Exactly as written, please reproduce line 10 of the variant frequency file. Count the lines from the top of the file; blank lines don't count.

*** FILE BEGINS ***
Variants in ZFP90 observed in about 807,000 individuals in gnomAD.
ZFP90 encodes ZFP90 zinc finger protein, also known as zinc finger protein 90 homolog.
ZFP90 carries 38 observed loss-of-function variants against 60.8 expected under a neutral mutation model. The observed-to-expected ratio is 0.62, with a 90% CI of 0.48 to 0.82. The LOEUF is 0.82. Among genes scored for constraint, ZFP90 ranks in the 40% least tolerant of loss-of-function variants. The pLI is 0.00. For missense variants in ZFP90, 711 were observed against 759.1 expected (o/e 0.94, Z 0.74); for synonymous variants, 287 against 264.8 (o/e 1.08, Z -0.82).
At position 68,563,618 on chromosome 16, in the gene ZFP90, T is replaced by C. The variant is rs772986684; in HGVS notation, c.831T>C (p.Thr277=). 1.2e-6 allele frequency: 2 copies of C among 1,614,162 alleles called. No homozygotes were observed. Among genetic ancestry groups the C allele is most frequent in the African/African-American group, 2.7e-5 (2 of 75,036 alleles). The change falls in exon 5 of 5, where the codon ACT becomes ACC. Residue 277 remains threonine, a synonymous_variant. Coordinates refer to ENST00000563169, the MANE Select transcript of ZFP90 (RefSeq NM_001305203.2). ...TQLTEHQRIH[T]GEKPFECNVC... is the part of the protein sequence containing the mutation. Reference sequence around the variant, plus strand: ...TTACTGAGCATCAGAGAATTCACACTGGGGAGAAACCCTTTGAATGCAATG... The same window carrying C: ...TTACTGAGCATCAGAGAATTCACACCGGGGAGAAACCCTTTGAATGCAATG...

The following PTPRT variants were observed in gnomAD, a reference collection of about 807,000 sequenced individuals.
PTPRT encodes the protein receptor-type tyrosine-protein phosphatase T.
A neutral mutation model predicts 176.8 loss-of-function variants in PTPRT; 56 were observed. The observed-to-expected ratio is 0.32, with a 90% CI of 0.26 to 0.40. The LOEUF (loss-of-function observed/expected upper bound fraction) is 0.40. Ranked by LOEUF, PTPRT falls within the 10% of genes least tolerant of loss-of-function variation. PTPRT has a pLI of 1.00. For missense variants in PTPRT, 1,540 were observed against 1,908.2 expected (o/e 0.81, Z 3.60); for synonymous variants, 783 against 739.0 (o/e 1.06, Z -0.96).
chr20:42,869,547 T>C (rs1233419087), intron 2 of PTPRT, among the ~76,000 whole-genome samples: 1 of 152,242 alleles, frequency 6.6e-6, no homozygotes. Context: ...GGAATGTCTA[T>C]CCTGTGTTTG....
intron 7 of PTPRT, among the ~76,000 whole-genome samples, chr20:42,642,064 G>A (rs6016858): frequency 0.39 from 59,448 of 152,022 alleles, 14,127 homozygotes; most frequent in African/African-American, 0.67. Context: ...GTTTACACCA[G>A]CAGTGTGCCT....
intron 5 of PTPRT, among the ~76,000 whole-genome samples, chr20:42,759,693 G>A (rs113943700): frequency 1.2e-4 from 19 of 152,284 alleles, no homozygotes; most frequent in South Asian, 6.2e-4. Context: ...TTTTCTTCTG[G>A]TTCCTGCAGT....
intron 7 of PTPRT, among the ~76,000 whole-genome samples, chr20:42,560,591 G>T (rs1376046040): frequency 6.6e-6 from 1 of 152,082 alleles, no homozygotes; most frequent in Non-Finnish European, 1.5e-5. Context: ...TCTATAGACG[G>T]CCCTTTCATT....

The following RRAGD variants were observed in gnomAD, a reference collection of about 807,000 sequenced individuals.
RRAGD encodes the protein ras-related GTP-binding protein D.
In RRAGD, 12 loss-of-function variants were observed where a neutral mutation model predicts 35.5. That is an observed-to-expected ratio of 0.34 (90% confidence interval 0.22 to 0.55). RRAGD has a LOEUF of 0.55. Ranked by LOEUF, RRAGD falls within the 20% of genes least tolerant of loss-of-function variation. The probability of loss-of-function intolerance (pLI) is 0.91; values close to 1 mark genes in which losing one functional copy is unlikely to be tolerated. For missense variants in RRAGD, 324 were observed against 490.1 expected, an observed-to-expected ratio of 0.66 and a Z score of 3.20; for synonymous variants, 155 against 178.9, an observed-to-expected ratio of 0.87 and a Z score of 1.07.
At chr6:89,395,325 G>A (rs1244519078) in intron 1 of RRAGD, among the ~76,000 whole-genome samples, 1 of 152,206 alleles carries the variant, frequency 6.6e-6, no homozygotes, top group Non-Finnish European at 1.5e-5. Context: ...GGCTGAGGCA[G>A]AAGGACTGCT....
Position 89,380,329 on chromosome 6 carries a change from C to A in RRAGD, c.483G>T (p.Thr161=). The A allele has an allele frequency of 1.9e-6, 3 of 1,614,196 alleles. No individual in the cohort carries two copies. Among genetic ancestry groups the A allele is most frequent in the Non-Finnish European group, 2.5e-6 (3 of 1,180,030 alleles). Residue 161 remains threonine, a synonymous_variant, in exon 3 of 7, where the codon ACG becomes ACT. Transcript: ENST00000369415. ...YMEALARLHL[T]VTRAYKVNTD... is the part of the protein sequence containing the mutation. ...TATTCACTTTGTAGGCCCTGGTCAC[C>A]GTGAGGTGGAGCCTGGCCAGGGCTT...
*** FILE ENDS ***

intron 5 of PTPRT, among the ~76,000 whole-genome samples, chr20:42,759,693 G>A (rs113943700): frequency 1.2e-4 from 19 of 152,284 alleles, no homozygotes; most frequent in South Asian, 6.2e-4. Context: ...TTTTCTTCTG[G>A]TTCCTGCAGT....